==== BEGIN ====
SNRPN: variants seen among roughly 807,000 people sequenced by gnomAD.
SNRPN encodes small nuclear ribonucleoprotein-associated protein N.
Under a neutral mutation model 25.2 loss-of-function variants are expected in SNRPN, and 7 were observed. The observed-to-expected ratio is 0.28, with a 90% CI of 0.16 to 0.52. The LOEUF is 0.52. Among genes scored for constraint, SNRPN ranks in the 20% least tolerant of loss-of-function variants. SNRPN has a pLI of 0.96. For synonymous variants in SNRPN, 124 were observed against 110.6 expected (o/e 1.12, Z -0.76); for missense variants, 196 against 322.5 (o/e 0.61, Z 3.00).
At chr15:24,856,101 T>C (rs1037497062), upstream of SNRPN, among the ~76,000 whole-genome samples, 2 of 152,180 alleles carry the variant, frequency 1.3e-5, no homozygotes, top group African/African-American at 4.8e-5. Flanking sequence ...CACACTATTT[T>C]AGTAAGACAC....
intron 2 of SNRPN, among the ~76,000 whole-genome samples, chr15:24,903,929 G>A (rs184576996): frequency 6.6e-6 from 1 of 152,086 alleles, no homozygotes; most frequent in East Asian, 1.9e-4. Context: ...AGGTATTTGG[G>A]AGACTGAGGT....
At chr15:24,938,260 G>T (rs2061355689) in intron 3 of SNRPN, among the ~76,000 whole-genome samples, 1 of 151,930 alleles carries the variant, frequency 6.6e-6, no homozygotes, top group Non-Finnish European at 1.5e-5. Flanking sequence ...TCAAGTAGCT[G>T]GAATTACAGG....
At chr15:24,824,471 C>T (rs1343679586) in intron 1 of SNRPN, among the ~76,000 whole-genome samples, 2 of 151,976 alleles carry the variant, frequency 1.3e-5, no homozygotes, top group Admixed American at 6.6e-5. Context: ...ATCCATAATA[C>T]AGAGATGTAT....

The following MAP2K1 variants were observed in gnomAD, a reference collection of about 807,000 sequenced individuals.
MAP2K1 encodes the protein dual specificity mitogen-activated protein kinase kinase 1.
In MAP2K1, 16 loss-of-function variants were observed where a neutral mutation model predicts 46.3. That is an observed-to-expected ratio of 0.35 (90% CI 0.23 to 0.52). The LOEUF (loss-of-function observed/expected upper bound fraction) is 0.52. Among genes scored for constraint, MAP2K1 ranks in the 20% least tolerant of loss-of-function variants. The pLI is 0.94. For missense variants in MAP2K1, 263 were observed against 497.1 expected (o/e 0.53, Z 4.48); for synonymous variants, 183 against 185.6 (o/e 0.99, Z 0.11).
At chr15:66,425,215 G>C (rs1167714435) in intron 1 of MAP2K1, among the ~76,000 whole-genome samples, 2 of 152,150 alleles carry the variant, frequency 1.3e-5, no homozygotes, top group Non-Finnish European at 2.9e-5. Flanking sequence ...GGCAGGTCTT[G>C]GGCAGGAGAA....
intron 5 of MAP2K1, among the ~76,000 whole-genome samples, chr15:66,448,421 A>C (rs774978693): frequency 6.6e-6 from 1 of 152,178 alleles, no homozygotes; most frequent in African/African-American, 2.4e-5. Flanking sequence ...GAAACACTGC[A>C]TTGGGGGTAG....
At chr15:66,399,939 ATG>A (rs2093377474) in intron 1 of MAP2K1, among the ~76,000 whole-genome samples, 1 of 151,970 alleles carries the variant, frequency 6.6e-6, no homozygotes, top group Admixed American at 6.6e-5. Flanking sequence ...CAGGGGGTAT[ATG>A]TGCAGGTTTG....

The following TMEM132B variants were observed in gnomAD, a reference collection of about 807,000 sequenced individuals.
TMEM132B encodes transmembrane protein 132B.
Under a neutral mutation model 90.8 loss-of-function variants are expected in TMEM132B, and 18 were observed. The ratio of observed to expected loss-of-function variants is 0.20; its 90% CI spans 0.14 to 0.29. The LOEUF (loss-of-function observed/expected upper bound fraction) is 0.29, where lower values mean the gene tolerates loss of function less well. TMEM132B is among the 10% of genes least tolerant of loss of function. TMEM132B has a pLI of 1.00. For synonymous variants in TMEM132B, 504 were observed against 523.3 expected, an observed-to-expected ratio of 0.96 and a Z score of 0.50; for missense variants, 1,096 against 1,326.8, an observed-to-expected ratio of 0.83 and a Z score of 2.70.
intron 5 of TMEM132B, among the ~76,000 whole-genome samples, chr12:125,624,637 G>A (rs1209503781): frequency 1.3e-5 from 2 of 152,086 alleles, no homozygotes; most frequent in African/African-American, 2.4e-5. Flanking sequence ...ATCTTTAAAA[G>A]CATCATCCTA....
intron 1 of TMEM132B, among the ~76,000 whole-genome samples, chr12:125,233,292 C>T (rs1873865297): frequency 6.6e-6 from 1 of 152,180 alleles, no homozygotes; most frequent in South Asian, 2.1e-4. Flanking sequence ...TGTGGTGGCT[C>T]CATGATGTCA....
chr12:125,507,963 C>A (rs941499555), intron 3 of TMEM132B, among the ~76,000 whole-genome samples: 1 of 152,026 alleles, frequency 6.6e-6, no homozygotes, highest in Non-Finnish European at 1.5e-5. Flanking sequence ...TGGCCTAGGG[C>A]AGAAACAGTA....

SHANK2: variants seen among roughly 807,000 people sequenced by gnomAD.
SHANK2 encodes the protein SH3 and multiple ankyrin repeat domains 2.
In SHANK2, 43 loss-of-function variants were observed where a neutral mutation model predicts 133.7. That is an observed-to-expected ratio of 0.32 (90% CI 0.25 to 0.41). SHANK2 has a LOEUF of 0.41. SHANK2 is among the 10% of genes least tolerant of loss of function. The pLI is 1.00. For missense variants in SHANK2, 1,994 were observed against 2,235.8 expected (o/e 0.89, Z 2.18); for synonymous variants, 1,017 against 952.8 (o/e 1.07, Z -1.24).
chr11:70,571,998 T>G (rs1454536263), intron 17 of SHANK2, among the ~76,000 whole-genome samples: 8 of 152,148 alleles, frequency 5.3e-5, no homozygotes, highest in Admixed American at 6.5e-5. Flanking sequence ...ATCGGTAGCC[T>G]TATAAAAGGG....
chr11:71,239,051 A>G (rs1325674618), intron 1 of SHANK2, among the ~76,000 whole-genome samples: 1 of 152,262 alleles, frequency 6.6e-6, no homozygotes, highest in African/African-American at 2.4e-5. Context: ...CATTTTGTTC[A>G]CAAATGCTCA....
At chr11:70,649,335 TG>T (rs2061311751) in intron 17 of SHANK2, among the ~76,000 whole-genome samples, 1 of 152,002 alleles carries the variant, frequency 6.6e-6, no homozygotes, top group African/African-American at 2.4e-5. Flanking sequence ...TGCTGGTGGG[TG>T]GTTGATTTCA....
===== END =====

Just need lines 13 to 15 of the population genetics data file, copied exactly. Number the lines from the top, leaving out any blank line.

At chr15:66,399,939 ATG>A (rs2093377474) in intron 1 of MAP2K1, among the ~76,000 whole-genome samples, 1 of 151,970 alleles carries the variant, frequency 6.6e-6, no homozygotes, top group Admixed American at 6.6e-5. Flanking sequence ...CAGGGGGTAT[ATG>A]TGCAGGTTTG....

The following TMEM132B variants were observed in gnomAD, a reference collection of about 807,000 sequenced individuals.
TMEM132B encodes transmembrane protein 132B.